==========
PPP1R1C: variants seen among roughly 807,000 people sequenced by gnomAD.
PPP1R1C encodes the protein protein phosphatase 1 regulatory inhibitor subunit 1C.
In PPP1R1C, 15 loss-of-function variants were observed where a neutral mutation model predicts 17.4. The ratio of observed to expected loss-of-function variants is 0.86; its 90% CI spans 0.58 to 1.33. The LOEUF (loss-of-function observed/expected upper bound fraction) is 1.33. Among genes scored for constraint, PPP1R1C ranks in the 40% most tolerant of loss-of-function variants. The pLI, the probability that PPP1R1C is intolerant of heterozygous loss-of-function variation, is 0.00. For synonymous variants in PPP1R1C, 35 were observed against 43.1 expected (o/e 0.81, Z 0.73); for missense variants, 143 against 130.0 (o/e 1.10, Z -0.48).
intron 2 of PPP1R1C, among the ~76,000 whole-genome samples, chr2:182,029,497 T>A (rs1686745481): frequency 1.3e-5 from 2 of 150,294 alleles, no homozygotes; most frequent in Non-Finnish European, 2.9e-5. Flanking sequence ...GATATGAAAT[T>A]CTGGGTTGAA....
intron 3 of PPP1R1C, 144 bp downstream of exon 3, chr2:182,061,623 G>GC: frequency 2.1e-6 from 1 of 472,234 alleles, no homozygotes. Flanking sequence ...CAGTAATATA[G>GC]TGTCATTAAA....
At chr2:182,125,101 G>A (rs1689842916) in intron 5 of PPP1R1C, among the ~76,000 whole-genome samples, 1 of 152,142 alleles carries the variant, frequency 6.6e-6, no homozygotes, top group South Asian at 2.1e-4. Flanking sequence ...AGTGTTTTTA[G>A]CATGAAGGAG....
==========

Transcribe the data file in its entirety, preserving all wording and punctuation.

PPP1R1C: variants seen among roughly 807,000 people sequenced by gnomAD.
PPP1R1C encodes the protein protein phosphatase 1 regulatory inhibitor subunit 1C.
In PPP1R1C, 15 loss-of-function variants were observed where a neutral mutation model predicts 17.4. The ratio of observed to expected loss-of-function variants is 0.86; its 90% CI spans 0.58 to 1.33. The LOEUF (loss-of-function observed/expected upper bound fraction) is 1.33. Among genes scored for constraint, PPP1R1C ranks in the 40% most tolerant of loss-of-function variants. The pLI, the probability that PPP1R1C is intolerant of heterozygous loss-of-function variation, is 0.00. For synonymous variants in PPP1R1C, 35 were observed against 43.1 expected (o/e 0.81, Z 0.73); for missense variants, 143 against 130.0 (o/e 1.10, Z -0.48).
intron 2 of PPP1R1C, among the ~76,000 whole-genome samples, chr2:182,029,497 T>A (rs1686745481): frequency 1.3e-5 from 2 of 150,294 alleles, no homozygotes; most frequent in Non-Finnish European, 2.9e-5. Flanking sequence ...GATATGAAAT[T>A]CTGGGTTGAA....
intron 3 of PPP1R1C, 144 bp downstream of exon 3, chr2:182,061,623 G>GC: frequency 2.1e-6 from 1 of 472,234 alleles, no homozygotes. Flanking sequence ...CAGTAATATA[G>GC]TGTCATTAAA....
At chr2:182,125,101 G>A (rs1689842916) in intron 5 of PPP1R1C, among the ~76,000 whole-genome samples, 1 of 152,142 alleles carries the variant, frequency 6.6e-6, no homozygotes, top group South Asian at 2.1e-4. Flanking sequence ...AGTGTTTTTA[G>A]CATGAAGGAG....